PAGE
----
Phospholipids – Function, Structure, Related Disorders

Phospholipids are essential components in the cell membrane and assist in physicochemical properties of the cell membrane. They influence the conformation of membrane-bound proteins and their function. Phospholipids also influence cell functionality and serve as precursors for prostaglandins.

A phospholipid is made up of two fatty acids and a glycerol component as well as a phosphate group. It is also made up of a polar molecule. A phospholipid behaves differently in water. The phosphate and polar head part of the phospholipid molecule is attracted to water meaning that it is hydrophilic. The fatty acid part found on the tail of the phospholipid is hydrophobic meaning that it is repelled by water.

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There are different disorders associated with phospholipids and they include low-phospholipid-associated cholelithiasis- LPAC and antiphospholipid syndrome.  The former is infrequent meaning that it affects only a peculiar small subgroup of patients who exhibit symptomatic gallstone disease. Patients with LPAC syndrome are mainly less than 40 years at the manifestation of the symptoms. This condition is associated with ABCB4 mutations. It is also associated with low biliary phospholipid concentration accompanied by symptomatic and reoccurring cholelithiasis.

Antiphospholipid syndrome

This is a condition in which the immune system attacks certain normal proteins in body. The immune system functions abnormally by mistakenly producing antibodies, which attack normal proteins in blood. This condition may lead to blood clots within veins and arteries. It may also result to complications in pregnancy including stillbirths and miscarriages.

Deep vein thrombosis- DVT is a condition in which there is formation of blood clots in legs. Antiphospholipid syndrome also could lead to clots in organs like lungs and kidneys causing organ malfunction. The damages caused by this condition depend on the location and extent of clot.

If the clot occurs in brain, it could lead to stroke. Although there is no cure for antiphospholipid syndrome, there are medications, which could be administered to help manage the condition and reduce the risks of blood clots.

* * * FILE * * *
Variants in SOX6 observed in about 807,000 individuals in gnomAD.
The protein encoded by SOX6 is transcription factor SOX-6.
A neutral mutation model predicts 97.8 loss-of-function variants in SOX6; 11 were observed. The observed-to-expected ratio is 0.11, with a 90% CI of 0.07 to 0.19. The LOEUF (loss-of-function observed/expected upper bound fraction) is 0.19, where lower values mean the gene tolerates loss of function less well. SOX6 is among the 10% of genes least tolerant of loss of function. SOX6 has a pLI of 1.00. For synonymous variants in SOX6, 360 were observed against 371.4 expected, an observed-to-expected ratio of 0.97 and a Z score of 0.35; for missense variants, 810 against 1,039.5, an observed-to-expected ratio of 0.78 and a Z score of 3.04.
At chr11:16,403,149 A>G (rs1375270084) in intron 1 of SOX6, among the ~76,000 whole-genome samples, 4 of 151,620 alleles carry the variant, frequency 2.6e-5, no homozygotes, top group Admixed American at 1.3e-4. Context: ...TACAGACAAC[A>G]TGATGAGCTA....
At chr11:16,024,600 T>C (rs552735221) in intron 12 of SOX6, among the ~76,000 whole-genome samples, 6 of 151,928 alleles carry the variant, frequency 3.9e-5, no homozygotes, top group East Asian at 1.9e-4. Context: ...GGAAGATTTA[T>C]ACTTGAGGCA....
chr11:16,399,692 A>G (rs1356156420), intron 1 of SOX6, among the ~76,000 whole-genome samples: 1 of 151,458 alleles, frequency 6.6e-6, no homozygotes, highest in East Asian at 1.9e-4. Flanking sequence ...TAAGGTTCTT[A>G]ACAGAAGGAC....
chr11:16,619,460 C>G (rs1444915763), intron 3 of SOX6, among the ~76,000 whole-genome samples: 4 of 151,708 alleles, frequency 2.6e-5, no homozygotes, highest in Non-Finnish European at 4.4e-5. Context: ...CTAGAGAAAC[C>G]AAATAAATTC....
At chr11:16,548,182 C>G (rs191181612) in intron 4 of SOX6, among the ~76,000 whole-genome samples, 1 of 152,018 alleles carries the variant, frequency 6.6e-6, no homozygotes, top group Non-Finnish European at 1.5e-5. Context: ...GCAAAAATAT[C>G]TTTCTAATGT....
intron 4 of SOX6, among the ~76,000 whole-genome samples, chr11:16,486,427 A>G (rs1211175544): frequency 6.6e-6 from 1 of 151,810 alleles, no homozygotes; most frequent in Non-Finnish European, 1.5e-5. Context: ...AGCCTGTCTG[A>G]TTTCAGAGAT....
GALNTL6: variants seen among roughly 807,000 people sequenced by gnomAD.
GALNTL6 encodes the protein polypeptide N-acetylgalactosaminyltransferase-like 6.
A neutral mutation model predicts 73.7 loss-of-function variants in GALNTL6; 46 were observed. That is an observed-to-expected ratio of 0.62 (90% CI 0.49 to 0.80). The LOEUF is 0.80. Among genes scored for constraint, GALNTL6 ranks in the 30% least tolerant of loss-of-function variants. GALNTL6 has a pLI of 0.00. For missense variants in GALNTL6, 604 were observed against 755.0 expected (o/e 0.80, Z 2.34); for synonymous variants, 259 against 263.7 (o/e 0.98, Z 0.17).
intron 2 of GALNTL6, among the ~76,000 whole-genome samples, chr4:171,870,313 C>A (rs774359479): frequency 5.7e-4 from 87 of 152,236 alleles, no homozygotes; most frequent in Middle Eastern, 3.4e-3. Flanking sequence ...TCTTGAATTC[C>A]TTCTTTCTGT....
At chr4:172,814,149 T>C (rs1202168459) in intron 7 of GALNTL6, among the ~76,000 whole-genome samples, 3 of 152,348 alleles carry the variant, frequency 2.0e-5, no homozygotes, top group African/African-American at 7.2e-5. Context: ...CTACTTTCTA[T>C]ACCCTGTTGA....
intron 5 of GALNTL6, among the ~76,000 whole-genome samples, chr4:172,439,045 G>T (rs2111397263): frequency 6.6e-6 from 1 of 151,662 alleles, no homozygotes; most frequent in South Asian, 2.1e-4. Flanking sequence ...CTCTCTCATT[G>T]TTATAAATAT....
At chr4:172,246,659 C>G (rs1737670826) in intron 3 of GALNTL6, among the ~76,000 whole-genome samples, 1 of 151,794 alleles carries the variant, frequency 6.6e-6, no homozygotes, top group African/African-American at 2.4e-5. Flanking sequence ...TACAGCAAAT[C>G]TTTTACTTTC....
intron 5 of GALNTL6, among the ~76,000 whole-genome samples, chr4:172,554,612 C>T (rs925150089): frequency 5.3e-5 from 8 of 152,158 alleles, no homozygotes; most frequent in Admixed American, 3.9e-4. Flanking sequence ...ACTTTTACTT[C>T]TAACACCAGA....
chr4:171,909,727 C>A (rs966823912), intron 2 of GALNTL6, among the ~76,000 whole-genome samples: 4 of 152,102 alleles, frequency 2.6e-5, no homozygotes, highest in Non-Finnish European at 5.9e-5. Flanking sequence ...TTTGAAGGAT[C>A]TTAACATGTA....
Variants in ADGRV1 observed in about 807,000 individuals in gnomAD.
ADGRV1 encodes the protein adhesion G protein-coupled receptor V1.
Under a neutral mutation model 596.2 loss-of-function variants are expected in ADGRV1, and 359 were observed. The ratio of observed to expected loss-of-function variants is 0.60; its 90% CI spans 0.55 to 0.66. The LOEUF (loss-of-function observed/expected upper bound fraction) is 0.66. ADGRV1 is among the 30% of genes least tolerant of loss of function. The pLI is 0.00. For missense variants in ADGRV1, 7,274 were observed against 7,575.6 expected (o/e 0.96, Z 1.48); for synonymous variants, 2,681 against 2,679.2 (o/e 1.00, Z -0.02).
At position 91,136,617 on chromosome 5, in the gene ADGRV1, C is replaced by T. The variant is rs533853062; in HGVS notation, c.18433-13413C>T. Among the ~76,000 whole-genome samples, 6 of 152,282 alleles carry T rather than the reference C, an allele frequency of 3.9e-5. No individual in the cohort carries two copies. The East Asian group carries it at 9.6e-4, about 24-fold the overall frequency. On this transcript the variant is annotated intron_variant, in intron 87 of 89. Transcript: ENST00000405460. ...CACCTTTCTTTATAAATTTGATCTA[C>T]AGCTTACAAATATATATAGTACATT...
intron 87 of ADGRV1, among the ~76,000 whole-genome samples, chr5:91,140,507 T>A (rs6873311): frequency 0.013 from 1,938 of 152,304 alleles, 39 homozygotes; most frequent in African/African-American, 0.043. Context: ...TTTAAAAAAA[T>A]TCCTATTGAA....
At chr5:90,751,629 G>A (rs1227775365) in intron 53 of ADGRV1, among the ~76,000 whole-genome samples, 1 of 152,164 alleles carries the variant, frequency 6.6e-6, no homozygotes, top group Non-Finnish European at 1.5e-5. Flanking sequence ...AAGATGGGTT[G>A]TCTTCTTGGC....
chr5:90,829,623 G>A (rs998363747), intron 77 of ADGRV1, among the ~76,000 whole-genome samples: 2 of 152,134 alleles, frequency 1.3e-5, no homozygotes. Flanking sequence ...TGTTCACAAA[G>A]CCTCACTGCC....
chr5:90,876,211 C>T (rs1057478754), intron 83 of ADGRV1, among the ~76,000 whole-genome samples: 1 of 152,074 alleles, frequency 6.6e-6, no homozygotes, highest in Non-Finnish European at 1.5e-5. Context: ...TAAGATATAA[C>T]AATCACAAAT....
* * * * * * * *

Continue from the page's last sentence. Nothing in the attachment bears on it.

Symptoms of antiphospholipid syndrome

A patient with this condition may experience blood clots in legs such as the deep vein thrombosis, which may travel to the lungs causing pulmonary embolism. In addition, a patient may have repeated miscarriages or stillbirths. Other complications of pregnancy may be witnessed including premature delivery and preeclampsia or elevated blood pressure in pregnancy.

In addition, some patients may experience stroke episodes when clotting occurs in brain’s blood vessels. There are other lesser common signs and they could entail a set of neurological symptoms like chronic headache, migraine, seizures and dementia. Seizures will occur when blood clots block the flow of blood to parts of brain. Other lesser common symptoms are the development of red rashes with net like pattern on knees and wrists.

Cardiovascular disease may also occur such as heart valve problems. Bleeding may also occur in some patients as a result of reduced platelets, which are responsible for normal clotting.  Other infrequency signs are such as movement disorder where the limbs and body jolt uncontrollably and this is called chorea. There may be cognitive problems like memory loss. Hearing loss that occurs abruptly may be another infrequent sign of antiphospholipid syndrome.

When to see a physician

If you have an autoimmune condition, you need to consult your doctor to determine whether you are susceptible to suffering antiphospholipid syndrome. A test for antiphospholipid antibodies is done. In addition, if you have pain or swelling on your legs or arms, you should see a doctor. This is especially so if the vein on legs or arms is red, swollen and tender.

An emergency care should be sought when the vein swelling comes with severe pain and high fever or difficulty in breaking. This could be an indication of deep vein thrombosis- DVT and may lead to increased chances of developing pulmonary embolism where blood clot travels and dislodges in lungs.

You also need to consult a doctor when you notice vaginal spotting or bleeding especially in the first 5 months of pregnancy. This may be a sign of possible miscarriage. Women who have had repeated pregnancy loses and unexplained complications in their pregnancy, should consult a doctor for intense medical examination as this could be associated with antiphospholipid syndrome. In essence, you need to discuss with your doctor to see if a test is necessary when you experience these signs

Who are at risk of suffering antiphospholipid syndrome?

When antibodies invade phospholipid-binding proteins, there is likelihood of developing abnormal blood clots. The primary cause of antiphospholipid syndrome is not known but there are some factors, which are associated with this condition although they may not necessarily mean that you will develop the condition. These include infections such as HIV, syphilis, malaria and hepatitis C.

Taking certain drugs such as hypertension medication hydralizine and heart rhythm-regulation drug like quinidine may also lead to increased chances of developing antiphospholipid syndrome. This condition is not considered hereditary but studies show that people of blood relation have high chances of developing the antibodies, which attack body proteins.

Treatment of antiphospholipid

Treatment of antiphospholipid is aimed at suppressing the clotting of blood. Anticoagulants may be used to thin blood when clots occur. If you are pregnant, specialized treatment is offered to ensure that you and the baby are safe but anticoagulant medication during pregnancy may be complicated.

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